A recent disagreement between members of a group studying a particular area of interest that we all share got me thinking. Like many disagreements, at least one source of this conflict was communication.
People communicate differently.
Profound, huh? I have college degrees and years of training and work experience behind that little gem. I happen to think that you probably don’t need all that schooling and experience to come to that conclusion. I think you just need a little time with other people.
It’s pretty clear that not everyone agrees with me.
I learned a very strange lesson when I was still young. I was seeking feedback from co-workers on self-improvement after having received a mysteriously-worded performance review.
I had been called a snob. In writing. In an annual performance review. I was stunned, bowled over, dismayed at the long-lasting effects those words would have on my career at that company. And I was completely in the dark. I did not get it.
I had worked so hard to be professional. I wore suits. I called people “sir” and “ma’am”. I tried to do the very best job that I could. I had lost weight, cut my Alice-in-Wonderland hair off to a more businesslike shoulder-length and wore sensible heels. I never took my jacket off. I was Barbie Doll Secretary on roller-skates.
My reward was to be called a snob by my boss. What is it that made him think that I was that way? I was to ask my co-workers. I did. Most of them laughed and shook their heads. They didn’t know.
Finally Marty, in between laughs, quiet laughs because she was a quiet person, suggested that maybe I used too many big words.
I was a scared kid in a city all alone. I had taken a chance and moved there for work to improve my life. I had been ashamed of my nearly-useless college degree in English at the headquarters of a telephone company only to find out that I was one of the few people in the building who had been to college at all. My attempt to live up to my own professional standards had backfired miserably.
As an Irish co-worker so comically put it years later, I was seen to have “ideas about myself.” My respect for others and myself translated to academic and intellectual snobbery. I was crushed.
Intellectual snobbery was the opposite of my intent. I wanted to be the more modern version of Jeeves. I wanted to quietly keep everything going in the background so my boss could succeed. I wanted to be a Secret Weapon for doing good things. And apparently I had succeeded just about half-way, the wrong half.
Years earlier, Mom had told me the results of my I.Q. test. It was a cool number and I was pleased with it but it was, after all, just a stupid test. My mother had wanted me to understand why things were easy for me and perhaps not so easy for my friends. Instinctively, I knew that it was just one measure of human performance. It didn’t tell how nice you were.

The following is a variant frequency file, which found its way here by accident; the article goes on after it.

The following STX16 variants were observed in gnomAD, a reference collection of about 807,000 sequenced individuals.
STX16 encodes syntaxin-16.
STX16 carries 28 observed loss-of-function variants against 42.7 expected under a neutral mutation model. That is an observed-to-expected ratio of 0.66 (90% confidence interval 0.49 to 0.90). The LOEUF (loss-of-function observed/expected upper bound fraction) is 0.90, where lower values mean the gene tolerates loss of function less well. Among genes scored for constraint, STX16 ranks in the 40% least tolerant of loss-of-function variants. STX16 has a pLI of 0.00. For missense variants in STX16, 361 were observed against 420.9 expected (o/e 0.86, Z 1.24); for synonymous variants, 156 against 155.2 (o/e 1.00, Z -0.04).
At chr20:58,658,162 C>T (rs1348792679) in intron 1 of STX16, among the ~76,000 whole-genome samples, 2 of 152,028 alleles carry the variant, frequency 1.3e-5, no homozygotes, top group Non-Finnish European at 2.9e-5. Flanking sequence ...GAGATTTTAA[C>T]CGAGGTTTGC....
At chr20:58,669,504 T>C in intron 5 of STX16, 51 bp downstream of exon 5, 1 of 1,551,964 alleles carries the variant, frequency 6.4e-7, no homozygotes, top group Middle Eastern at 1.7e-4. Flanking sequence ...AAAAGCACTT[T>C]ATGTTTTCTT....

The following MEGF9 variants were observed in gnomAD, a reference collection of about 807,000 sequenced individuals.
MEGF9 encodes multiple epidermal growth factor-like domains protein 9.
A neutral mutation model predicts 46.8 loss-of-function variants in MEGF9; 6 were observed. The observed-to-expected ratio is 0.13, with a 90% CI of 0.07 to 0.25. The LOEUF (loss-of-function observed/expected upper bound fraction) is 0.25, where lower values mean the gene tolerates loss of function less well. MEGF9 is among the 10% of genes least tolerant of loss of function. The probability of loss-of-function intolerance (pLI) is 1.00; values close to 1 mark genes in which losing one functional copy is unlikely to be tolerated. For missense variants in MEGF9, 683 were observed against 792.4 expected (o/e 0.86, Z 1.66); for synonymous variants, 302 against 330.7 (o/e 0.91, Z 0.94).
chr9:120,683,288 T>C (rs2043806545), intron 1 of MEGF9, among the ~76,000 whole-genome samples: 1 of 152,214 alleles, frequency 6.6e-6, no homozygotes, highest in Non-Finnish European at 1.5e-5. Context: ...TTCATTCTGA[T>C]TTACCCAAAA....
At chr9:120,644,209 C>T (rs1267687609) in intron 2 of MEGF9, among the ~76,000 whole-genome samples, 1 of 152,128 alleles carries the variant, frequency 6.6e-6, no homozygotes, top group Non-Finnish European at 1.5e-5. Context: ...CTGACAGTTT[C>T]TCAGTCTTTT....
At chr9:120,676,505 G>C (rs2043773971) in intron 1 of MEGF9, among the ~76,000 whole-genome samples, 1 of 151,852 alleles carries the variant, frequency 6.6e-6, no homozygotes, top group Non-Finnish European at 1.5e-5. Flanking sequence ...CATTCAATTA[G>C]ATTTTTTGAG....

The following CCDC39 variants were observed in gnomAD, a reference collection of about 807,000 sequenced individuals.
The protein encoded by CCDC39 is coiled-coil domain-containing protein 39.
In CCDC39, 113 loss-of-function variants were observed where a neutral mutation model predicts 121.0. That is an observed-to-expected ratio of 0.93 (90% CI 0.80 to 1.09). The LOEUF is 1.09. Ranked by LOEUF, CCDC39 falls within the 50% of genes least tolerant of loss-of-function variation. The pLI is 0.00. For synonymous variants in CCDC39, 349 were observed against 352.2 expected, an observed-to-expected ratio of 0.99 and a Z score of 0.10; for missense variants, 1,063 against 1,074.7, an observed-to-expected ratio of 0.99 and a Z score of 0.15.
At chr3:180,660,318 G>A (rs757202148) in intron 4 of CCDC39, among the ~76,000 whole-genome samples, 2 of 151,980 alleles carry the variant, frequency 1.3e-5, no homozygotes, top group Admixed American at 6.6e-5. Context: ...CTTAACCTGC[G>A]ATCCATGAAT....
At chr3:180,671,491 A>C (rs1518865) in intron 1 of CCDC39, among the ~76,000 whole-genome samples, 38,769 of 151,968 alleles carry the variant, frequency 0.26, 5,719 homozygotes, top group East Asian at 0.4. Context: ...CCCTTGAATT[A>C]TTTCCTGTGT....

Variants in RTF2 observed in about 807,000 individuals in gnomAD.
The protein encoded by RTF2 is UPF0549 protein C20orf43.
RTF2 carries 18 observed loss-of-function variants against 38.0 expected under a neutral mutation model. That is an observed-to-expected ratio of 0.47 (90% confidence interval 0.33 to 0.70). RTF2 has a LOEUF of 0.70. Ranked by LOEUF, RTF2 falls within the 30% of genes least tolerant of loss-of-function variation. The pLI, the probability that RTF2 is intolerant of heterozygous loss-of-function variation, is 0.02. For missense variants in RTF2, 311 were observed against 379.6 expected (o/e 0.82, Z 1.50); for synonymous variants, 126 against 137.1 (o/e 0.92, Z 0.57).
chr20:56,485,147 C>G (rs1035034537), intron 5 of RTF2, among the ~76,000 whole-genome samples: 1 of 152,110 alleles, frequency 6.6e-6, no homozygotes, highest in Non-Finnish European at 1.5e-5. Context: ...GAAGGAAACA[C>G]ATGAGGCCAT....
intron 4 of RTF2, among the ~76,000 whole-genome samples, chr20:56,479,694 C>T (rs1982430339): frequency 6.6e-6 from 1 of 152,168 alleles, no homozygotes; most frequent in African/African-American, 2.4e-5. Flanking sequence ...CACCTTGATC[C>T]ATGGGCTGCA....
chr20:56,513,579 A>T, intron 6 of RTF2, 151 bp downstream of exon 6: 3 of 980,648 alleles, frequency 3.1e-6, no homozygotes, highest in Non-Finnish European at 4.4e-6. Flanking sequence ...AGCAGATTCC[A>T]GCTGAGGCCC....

Over time, though, it became clear I was that child. I read the dictionary for fun. I exhibited other behaviors that would probably make the list of How to Tell If Your Kid Is a Nerd. I learned other people felt bad when I was happy about making a good grade on my test. I hated the thought that I might make them feel bad. I tried to help my friends with schoolwork. I realized I liked school a lot more than other kids did.
I loved dictionaries that told what the origin of a word was, Greek, Latin, French, Old English. I wanted to know where words and ideas came from, how they had changed over time, how regional differences changed language, how it evolved. In junior high, my favorite class was geometry. In high school, my favorite class was a segment on the history of the English language. I wanted to understand language in its context, in its usefulness to its speakers. I wanted to solve the puzzle of communication. So I majored in English in college. I had wanted to major in linguistics but English linguistics; my university had no such degree offering. I majored in literature with the certain knowledge that my degree qualified me to teach or go back for more college.
I wanted to be in the “real” world.
The real world landed me at the telephone company headquarters during the time when the telephone industry was de-centralizing. Somehow I survived that, reviled by my co-workers because I had one college degree, cringing when they mentioned it. I never talked about it but they couldn’t stop talking about it. I wasn’t like them. I used “big words.” In my effort to be more precise, I was completely misunderstood. I had mistakenly thought I was out of grade school and junior high school; work was just another hallway of lockers and cliques.
I reminded myself that this is the world I wanted. I could have stayed in the world of academia and wallowed in big words, reveled in them, tossed them about like confetti, shot them out of the bazookas of the publish-or-perish rules of that world. But I knew that world wasn’t for me. I needed a more difficult job, one in the “real world” where even the simplest statement can be misunderstood because of assumptions, context and emotion.
The Tower in Tarot can represent the world of assumptions crumbling under the effect of sudden change, breaking the structure and its occupants into simpler components. Analysis can be said to be a kind of Tower activity, the process of breaking things apart. It sounds so destructive, especially if you don’t have a plan for what happens next. It represents an inevitability of the instability of false assumptions. Things break down.
Ideas and problems can be broken down, too. I knew my work was Tower energy. Instead of staying in the Tower of academia and piling big word upon big word to build distance between myself and the ground of reality, I chose to work to make things more easily understood. Pick up a brick and then another. And make sense of the puzzles. It’s kept me busy all this time.